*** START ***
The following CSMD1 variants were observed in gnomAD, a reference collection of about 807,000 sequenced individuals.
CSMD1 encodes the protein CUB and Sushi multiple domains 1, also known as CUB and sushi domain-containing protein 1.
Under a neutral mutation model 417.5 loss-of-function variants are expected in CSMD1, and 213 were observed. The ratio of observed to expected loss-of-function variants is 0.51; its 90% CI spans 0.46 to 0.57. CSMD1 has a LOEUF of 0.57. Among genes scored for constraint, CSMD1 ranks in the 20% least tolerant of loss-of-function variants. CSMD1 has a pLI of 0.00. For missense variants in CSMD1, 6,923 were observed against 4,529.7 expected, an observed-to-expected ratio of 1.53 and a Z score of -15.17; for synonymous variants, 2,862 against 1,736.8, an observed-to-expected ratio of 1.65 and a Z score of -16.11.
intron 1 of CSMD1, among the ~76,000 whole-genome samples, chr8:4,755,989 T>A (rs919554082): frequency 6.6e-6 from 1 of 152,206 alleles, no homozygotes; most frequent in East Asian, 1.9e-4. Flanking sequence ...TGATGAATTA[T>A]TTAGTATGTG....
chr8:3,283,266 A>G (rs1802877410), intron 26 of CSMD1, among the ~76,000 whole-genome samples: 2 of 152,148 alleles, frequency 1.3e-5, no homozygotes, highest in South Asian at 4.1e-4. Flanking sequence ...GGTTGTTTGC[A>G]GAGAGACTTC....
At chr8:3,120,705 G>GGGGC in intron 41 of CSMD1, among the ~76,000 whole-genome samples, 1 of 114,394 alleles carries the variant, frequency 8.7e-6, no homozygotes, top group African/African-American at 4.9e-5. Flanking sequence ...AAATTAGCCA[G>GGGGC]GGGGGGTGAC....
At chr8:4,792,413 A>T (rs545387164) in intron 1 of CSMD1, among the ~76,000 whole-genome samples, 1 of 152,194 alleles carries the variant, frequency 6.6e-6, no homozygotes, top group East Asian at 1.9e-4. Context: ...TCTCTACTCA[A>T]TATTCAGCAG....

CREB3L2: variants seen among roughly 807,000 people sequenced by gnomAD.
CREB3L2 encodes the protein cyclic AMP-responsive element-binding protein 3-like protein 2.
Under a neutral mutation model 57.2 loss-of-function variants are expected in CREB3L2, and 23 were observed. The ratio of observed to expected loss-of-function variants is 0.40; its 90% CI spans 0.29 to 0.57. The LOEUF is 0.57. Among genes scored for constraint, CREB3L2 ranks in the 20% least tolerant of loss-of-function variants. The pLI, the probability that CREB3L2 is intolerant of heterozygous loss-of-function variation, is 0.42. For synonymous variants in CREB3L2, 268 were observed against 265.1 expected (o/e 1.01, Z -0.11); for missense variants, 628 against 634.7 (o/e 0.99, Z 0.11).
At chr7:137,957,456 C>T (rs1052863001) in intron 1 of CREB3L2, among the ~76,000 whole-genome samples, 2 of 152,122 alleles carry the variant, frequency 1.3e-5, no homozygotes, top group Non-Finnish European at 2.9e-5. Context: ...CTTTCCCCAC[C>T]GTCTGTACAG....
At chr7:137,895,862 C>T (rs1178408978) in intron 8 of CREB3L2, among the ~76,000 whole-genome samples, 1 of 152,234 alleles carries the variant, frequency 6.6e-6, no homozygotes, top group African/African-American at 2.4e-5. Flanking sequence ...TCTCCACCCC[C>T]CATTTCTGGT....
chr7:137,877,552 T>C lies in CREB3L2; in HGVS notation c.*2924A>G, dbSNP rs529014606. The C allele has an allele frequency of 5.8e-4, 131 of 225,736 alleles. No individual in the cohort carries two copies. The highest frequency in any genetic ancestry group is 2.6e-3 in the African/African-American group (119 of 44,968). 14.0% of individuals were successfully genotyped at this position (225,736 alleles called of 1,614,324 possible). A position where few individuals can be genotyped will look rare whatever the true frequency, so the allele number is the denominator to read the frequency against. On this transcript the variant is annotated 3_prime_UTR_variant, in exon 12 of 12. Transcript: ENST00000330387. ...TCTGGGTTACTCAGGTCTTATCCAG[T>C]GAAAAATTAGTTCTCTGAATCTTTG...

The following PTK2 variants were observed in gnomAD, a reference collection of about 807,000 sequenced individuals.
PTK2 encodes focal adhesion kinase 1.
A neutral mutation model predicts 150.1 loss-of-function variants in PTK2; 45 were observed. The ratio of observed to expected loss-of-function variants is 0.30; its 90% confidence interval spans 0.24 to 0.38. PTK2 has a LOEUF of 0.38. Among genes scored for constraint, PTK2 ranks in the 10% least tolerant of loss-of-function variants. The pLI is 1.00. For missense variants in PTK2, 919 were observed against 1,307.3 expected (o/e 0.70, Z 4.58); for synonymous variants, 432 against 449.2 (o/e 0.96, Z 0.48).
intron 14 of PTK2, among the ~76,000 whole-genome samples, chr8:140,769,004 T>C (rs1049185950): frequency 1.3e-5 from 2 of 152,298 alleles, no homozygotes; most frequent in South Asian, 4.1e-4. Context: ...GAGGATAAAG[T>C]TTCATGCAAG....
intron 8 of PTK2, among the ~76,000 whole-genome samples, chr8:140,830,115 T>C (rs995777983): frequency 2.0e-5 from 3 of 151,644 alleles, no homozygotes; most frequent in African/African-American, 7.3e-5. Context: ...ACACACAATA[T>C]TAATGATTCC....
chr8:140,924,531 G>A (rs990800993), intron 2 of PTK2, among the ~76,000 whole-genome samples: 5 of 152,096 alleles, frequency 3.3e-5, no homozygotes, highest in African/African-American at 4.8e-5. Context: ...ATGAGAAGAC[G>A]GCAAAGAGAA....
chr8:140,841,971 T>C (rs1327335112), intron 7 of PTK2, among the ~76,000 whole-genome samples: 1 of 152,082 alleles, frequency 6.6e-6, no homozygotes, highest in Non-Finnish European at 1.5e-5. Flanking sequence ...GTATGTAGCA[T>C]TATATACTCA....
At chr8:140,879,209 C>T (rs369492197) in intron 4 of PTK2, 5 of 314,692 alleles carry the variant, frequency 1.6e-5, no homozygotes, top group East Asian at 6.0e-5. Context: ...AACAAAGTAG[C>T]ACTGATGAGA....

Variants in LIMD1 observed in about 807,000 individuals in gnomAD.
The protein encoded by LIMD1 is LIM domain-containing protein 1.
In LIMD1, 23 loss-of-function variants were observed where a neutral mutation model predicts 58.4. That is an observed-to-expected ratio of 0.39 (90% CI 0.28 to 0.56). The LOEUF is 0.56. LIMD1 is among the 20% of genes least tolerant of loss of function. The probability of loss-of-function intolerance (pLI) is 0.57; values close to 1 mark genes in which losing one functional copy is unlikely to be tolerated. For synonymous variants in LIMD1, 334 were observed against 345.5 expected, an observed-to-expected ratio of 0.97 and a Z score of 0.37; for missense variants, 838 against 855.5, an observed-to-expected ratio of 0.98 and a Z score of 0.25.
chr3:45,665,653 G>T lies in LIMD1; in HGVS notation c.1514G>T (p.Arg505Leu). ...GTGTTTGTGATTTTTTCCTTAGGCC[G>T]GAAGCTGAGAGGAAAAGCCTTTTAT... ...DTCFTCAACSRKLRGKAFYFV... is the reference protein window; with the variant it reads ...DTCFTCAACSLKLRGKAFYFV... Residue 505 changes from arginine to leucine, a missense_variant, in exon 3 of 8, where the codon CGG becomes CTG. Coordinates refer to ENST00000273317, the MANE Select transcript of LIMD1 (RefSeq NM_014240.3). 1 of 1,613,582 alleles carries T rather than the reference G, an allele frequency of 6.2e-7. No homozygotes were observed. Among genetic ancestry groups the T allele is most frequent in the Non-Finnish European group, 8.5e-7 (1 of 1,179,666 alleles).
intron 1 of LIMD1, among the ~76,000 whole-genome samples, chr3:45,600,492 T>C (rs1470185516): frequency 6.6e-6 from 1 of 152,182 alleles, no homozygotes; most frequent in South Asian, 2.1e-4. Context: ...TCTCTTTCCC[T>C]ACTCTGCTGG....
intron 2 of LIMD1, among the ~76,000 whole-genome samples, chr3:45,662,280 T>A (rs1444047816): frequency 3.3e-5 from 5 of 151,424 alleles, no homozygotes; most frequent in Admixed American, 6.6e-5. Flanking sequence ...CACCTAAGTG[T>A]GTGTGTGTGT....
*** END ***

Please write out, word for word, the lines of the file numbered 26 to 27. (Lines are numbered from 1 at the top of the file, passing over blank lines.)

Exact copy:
intron 1 of LIMD1, among the ~76,000 whole-genome samples, chr3:45,600,492 T>C (rs1470185516): frequency 6.6e-6 from 1 of 152,182 alleles, no homozygotes; most frequent in South Asian, 2.1e-4. Context: ...TCTCTTTCCC[T>C]ACTCTGCTGG....
intron 2 of LIMD1, among the ~76,000 whole-genome samples, chr3:45,662,280 T>A (rs1444047816): frequency 3.3e-5 from 5 of 151,424 alleles, no homozygotes; most frequent in Admixed American, 6.6e-5. Flanking sequence ...CACCTAAGTG[T>A]GTGTGTGTGT....